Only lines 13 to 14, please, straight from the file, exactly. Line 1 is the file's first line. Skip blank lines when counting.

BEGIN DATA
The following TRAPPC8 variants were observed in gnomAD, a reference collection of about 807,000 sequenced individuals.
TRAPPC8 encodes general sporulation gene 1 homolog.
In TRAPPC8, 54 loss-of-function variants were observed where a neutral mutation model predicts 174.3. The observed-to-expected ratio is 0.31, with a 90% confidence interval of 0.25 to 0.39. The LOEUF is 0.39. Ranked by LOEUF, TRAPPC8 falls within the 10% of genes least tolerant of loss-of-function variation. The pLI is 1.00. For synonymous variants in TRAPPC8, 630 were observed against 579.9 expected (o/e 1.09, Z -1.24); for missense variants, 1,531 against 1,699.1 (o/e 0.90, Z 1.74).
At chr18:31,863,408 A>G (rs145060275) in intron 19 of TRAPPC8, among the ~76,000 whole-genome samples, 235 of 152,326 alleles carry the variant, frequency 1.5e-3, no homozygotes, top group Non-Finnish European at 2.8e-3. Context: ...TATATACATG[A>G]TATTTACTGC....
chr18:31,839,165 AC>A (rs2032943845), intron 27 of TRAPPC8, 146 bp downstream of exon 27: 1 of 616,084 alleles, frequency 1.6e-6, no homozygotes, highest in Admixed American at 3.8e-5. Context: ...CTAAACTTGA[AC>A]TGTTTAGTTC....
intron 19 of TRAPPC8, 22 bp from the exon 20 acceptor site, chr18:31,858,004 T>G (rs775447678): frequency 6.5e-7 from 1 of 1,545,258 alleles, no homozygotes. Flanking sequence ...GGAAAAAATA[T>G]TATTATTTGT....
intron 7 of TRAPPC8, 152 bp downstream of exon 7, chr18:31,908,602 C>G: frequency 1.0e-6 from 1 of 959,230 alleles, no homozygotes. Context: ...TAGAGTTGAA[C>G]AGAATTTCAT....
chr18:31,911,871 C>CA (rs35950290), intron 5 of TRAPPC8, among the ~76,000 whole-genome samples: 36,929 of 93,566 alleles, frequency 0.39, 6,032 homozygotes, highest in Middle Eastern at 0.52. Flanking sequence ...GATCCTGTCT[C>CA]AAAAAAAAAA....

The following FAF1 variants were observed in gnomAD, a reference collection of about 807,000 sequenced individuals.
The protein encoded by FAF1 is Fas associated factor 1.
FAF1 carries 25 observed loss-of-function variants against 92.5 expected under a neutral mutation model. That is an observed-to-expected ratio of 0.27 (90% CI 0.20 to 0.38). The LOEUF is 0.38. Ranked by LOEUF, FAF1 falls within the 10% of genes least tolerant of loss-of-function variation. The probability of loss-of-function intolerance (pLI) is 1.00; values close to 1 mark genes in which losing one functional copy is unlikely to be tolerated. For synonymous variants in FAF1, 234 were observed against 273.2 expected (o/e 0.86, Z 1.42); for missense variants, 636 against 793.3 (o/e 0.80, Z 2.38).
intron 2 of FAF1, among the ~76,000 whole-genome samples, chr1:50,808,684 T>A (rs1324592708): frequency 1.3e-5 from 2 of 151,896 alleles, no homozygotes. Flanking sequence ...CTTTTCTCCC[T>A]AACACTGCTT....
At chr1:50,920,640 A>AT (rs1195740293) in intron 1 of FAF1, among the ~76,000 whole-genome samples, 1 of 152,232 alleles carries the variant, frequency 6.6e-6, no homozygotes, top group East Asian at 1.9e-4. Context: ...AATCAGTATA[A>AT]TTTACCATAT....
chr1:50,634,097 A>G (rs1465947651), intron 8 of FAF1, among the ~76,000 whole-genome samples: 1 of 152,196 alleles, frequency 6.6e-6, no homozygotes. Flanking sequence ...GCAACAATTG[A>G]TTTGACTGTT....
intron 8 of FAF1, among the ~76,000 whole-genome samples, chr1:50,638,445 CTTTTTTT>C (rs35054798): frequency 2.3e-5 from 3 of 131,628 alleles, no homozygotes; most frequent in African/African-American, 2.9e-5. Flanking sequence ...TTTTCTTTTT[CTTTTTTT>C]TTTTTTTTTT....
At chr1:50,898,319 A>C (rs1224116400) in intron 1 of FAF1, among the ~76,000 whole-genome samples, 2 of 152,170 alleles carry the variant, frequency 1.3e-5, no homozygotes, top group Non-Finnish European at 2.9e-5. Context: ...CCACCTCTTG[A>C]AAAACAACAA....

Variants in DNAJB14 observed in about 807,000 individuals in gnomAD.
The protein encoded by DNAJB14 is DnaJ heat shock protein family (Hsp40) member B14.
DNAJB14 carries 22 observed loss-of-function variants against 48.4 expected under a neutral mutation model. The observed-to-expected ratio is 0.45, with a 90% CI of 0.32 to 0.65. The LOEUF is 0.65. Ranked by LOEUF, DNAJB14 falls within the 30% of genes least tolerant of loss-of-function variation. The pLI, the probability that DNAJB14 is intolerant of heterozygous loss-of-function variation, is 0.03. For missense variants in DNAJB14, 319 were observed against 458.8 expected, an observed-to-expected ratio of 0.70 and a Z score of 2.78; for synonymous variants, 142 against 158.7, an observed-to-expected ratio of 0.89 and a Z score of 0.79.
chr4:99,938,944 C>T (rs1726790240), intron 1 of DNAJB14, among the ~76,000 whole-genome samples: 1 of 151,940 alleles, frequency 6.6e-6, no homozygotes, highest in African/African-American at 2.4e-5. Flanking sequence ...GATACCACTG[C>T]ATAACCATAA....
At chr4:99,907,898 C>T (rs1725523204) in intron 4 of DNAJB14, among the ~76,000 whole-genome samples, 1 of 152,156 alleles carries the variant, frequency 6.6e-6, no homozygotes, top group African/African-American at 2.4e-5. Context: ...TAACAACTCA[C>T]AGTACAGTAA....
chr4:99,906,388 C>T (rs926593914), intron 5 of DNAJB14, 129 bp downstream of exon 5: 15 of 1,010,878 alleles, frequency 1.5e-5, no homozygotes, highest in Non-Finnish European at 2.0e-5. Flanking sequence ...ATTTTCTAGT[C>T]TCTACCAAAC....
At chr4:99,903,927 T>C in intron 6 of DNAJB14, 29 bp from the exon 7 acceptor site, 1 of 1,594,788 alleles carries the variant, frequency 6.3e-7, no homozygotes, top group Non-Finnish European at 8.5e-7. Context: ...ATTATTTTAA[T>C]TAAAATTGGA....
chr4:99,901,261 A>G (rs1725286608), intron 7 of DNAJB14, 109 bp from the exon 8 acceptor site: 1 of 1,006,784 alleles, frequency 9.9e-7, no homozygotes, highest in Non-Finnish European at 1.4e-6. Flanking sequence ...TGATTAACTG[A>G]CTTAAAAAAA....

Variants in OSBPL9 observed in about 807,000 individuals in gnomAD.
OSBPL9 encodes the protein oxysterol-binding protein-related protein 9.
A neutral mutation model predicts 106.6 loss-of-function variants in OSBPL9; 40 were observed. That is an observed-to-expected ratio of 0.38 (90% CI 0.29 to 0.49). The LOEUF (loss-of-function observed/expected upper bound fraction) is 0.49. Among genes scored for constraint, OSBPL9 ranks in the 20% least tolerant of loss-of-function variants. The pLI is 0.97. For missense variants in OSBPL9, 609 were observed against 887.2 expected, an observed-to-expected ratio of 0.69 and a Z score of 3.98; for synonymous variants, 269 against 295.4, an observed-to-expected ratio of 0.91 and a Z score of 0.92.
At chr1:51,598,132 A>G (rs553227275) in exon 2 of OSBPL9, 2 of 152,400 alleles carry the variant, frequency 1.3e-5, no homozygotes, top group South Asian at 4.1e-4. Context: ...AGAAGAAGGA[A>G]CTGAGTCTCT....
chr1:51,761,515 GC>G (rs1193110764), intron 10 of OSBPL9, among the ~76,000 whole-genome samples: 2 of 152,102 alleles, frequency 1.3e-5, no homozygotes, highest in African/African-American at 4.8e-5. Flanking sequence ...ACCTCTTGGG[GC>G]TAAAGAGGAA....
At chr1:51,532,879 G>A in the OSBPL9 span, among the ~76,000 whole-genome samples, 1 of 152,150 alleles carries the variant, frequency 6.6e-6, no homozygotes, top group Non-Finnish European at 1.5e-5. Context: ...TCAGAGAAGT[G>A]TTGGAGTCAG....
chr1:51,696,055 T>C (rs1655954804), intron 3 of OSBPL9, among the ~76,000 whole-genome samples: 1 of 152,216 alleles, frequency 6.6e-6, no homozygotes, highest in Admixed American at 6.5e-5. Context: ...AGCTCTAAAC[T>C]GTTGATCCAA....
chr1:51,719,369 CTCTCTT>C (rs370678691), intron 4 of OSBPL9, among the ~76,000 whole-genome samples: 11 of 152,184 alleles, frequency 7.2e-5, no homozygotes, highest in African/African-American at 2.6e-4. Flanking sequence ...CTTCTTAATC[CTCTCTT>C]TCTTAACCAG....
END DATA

At chr1:50,920,640 A>AT (rs1195740293) in intron 1 of FAF1, among the ~76,000 whole-genome samples, 1 of 152,232 alleles carries the variant, frequency 6.6e-6, no homozygotes, top group East Asian at 1.9e-4. Context: ...AATCAGTATA[A>AT]TTTACCATAT....
chr1:50,634,097 A>G (rs1465947651), intron 8 of FAF1, among the ~76,000 whole-genome samples: 1 of 152,196 alleles, frequency 6.6e-6, no homozygotes. Flanking sequence ...GCAACAATTG[A>G]TTTGACTGTT....